"What we expect on April 10 is that the Syrian government will have completed its withdrawal from populated centers ... and then we begin a 48-hour period during which there will be a complete cessation of all forms of violence by all parties," Mr. Annan's spokesman Ahmad Fawzi said in Geneva earlier today.
This prediction should be taken with a very large grain of salt.
Mr. Assad is in a fight for regime survival. While large chunks of his country have fallen out of central government control, and the opposition has defied his military for over a year now in towns like Idlib, Homs, and Hama, his security establishment has largely hung together and hasn't suffered the sort of mass defections that undermined Muammar Qaddafi's forces during the uprising in Libya.
The application of force against his opponents is Assad's go-to means of keeping control, just as it was for his father and predecessor, Hafez al-Assad. With at least 9,000 Syrians dead from the fighting, and scores in detention, where many have been tortured, it's hard to see the calls for his overthrow dying down. And if he really does give up the use of political terror against his enemies, the chorus demanding his demise will probably grow louder still.
There are already strong signs that Annan is not going to get his way on the cease-fire. The daily Al-Watan, linked to Syria's government, quoted an unnamed government official as saying "there is no... deadline" for pulling troops out of cities. Opposition activists said that tanks remain active in Deraa today, despite government claims to the contrary, and said dozens have died in ongoing fighting. The Syrian Observatory for Human Rights said 62 Syrians were killed across the country yesterday.
Syrian opposition figures aren't the only ones who don't share the UN's optimism. French Foreign Minister Alain Juppé said Assad "is deceiving us" and warned of a push for tougher international action against Syria. The UN is currently trying to negotiate the dispatch of 250 or so unarmed military observers to determine if a cease-fire is achieved. Mr. Juppé said further steps will be considered at the UN Security Council if Syria doesn't allow observers in soon.
Action at the Security Council is something that Assad may fear, and may push him to accept the measures being sought now. But his government has been shielded from tough action there until now by permanent members Russia and China, who have vetoed two Security Council resolutions on Syria to date. Russian Foreign Minister Sergey Lavrov told reporters that his country might consider voting for a resolution now, but his comments came with a major caveat.
"When we consider a document at the Security Council, we shall proceed from the principle of not doing any harm," Mr. Lavrov said. "It would be good if we are able to reach a consensus aimed at helping Kofi Annan's mission and not use ultimatums that would escalate tensions."
For now, sadly, fighting looks set to continue in Syria next week. Annan's career is littered with over-optimistic public assessments of the situation in violent regions, and of the impact of his own diplomacy.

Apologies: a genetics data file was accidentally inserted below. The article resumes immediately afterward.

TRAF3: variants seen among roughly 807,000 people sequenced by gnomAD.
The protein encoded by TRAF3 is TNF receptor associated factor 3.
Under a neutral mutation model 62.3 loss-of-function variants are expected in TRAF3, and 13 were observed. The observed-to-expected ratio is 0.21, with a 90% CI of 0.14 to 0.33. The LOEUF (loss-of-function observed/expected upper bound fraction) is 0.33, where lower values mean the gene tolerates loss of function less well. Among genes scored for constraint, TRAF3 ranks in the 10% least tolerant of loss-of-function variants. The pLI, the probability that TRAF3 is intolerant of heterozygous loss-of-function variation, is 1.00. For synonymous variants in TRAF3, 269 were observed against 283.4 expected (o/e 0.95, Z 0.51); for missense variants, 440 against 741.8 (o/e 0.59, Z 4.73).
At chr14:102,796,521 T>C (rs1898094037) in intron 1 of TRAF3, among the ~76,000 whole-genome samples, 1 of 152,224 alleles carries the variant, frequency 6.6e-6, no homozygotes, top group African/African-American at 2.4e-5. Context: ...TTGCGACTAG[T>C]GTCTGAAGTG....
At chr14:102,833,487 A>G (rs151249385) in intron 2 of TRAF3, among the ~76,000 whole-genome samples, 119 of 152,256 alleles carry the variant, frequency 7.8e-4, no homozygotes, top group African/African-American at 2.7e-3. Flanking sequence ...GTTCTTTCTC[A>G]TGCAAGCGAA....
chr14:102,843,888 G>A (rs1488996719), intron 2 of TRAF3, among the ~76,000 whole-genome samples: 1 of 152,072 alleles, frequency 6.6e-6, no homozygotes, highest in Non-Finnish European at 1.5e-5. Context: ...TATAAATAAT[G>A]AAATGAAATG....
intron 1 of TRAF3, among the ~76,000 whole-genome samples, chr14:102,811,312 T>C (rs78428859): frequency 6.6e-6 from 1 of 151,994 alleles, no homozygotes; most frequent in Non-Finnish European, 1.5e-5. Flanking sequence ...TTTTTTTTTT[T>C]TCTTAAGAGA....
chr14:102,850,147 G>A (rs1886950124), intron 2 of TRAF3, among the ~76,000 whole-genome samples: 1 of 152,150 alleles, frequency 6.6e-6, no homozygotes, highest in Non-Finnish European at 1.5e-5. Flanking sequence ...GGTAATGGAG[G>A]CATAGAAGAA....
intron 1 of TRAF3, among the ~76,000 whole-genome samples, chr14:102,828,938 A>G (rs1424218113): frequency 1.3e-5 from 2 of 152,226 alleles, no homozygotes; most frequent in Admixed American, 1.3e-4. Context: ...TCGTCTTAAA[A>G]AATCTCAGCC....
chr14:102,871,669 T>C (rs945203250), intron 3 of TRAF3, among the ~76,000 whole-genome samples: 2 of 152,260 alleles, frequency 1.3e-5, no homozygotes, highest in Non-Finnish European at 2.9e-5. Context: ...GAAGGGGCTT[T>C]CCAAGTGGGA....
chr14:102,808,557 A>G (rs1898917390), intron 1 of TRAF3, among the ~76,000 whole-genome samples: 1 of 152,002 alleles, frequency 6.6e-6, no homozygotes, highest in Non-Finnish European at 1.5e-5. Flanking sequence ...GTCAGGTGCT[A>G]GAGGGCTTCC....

I remember attending the press conference in Dili, East Timor, given by Jamsheed Marker, Annan's personal envoy to the territory, shortly after voting closed in the Aug. 30, 1999, referendum on independence from Indonesia. I and others in the months before the election had chronicled how the Indonesian military was distributing weapons to street gangs and appeared to have a plan in the drawer to punish the territory's people if they chose independence as a warning to other restive parts of the sprawling nation.
Indonesian special forces officers were providing logistical help and training to pro-Indonesian Timorese, while the Indonesian Foreign Ministry had dispatched diplomats to work with the militias on the political side. This was all pretty much out in the open – there are few secrets in a place as small as East Timor.
Yet the UN had waved off concerns about widespread violence or suggestions that perhaps the vote should be postponed until better security arrangements could be made. In the run-up to the vote, Mr. Marker and Annan repeatedly told reporters they'd received Indonesian "assurances" that the vote could go ahead safely. That evening, as reports streamed in of violent outbreaks around the countryside (a UN worker was being stabbed to death as Marker spoke), Marker intoned: "The eagle of liberty has spread its proud wings over the people of East Timor.''
The eagle of violence was also spreading its wings. Within days, what was left of the foreign press was cowering in the UN's Dili compound (I made my way there past the bodies of Timorese hacked to death by machetes) and much of the country's paltry infrastructure was on fire. In the roughly two weeks until an Australian peacekeeping force landed in Dili, at least 1,000 Timorese were killed and more than 100,000 of the country's than 700,000 were driven across the border into Indonesian West Timor.
I dig into this history because it's a reminder that Annan has taken the word of governments involved in conflict in the past. And been badly wrong.